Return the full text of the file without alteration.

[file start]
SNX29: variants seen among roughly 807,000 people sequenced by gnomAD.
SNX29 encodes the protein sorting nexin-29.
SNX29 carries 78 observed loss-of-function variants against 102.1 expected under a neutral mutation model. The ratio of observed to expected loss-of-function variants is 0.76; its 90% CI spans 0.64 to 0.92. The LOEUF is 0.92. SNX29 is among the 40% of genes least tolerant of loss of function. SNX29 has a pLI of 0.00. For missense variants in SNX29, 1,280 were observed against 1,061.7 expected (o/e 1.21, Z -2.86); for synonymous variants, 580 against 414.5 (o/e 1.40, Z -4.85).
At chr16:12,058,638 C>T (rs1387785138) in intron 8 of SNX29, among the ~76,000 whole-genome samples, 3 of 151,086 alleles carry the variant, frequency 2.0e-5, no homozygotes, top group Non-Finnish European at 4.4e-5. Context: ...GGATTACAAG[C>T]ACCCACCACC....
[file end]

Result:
SNX29: variants seen among roughly 807,000 people sequenced by gnomAD.
SNX29 encodes the protein sorting nexin-29.
SNX29 carries 78 observed loss-of-function variants against 102.1 expected under a neutral mutation model. The ratio of observed to expected loss-of-function variants is 0.76; its 90% CI spans 0.64 to 0.92. The LOEUF is 0.92. SNX29 is among the 40% of genes least tolerant of loss of function. SNX29 has a pLI of 0.00. For missense variants in SNX29, 1,280 were observed against 1,061.7 expected (o/e 1.21, Z -2.86); for synonymous variants, 580 against 414.5 (o/e 1.40, Z -4.85).
At chr16:12,058,638 C>T (rs1387785138) in intron 8 of SNX29, among the ~76,000 whole-genome samples, 3 of 151,086 alleles carry the variant, frequency 2.0e-5, no homozygotes, top group Non-Finnish European at 4.4e-5. Context: ...GGATTACAAG[C>T]ACCCACCACC....